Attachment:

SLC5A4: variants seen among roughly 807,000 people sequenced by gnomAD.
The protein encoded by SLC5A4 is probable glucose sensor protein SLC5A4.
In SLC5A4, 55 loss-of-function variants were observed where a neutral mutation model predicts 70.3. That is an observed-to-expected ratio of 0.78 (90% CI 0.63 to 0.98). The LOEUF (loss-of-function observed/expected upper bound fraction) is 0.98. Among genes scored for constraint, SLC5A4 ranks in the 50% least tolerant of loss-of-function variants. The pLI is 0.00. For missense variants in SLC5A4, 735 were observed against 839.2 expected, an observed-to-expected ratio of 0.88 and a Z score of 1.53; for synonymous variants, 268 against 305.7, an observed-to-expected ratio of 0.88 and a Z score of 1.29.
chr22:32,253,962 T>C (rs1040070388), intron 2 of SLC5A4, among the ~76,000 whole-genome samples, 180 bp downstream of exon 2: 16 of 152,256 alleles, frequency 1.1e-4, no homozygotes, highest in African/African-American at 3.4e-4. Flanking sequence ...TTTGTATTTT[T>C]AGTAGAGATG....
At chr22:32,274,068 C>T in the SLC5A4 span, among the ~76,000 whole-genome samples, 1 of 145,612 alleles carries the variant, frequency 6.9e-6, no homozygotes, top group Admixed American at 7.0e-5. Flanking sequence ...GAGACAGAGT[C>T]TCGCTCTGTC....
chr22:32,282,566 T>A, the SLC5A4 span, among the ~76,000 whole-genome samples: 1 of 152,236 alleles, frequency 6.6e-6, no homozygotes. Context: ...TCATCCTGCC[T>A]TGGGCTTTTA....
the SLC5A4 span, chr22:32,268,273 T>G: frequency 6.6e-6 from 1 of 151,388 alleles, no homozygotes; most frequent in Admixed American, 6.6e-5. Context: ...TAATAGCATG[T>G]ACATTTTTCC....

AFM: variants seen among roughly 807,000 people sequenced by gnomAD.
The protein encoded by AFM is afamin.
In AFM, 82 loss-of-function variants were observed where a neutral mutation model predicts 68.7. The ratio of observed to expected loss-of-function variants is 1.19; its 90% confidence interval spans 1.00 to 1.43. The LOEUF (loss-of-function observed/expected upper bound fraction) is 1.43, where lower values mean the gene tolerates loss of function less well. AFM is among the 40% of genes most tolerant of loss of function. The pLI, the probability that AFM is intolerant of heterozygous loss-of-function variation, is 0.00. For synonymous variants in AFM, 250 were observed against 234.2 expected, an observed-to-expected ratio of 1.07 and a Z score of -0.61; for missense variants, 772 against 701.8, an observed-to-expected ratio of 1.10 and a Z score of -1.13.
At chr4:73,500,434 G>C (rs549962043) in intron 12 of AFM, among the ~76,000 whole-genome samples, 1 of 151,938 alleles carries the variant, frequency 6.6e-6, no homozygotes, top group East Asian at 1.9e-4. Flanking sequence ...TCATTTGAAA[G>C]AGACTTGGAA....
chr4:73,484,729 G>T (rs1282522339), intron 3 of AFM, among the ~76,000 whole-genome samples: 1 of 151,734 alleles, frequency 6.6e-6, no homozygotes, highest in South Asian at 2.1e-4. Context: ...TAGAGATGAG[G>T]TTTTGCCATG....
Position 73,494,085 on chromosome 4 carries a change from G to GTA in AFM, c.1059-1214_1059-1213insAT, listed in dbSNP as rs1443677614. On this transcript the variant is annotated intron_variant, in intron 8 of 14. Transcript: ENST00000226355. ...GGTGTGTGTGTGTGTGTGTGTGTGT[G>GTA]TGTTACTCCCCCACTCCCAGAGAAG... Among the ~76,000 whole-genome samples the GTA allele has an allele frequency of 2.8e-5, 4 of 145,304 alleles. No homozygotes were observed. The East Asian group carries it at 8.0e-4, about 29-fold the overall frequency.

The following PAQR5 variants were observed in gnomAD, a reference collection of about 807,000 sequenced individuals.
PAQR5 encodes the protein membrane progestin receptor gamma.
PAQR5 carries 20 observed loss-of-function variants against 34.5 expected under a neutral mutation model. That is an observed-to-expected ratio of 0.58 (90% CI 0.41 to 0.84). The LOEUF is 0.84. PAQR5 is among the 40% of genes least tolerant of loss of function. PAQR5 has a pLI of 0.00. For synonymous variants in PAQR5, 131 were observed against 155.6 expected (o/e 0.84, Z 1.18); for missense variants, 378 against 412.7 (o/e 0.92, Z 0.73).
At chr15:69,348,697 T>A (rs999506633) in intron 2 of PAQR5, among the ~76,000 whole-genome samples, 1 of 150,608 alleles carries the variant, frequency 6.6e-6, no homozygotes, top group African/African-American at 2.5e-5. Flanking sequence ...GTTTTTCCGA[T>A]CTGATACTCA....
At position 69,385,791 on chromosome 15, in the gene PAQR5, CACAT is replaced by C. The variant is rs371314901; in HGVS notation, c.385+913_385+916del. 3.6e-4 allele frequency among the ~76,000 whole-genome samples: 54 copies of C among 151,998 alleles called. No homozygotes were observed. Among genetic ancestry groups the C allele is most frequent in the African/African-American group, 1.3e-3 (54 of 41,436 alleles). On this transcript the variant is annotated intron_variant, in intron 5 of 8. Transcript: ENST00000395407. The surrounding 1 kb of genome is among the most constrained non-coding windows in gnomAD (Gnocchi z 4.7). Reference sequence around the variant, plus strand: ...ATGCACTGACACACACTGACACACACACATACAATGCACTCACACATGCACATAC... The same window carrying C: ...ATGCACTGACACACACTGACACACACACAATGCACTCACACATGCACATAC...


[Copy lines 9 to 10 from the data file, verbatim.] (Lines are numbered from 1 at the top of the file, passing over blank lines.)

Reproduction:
The protein encoded by AFM is afamin.
In AFM, 82 loss-of-function variants were observed where a neutral mutation model predicts 68.7. The ratio of observed to expected loss-of-function variants is 1.19; its 90% confidence interval spans 1.00 to 1.43. The LOEUF (loss-of-function observed/expected upper bound fraction) is 1.43, where lower values mean the gene tolerates loss of function less well. AFM is among the 40% of genes most tolerant of loss of function. The pLI, the probability that AFM is intolerant of heterozygous loss-of-function variation, is 0.00. For synonymous variants in AFM, 250 were observed against 234.2 expected, an observed-to-expected ratio of 1.07 and a Z score of -0.61; for missense variants, 772 against 701.8, an observed-to-expected ratio of 1.10 and a Z score of -1.13.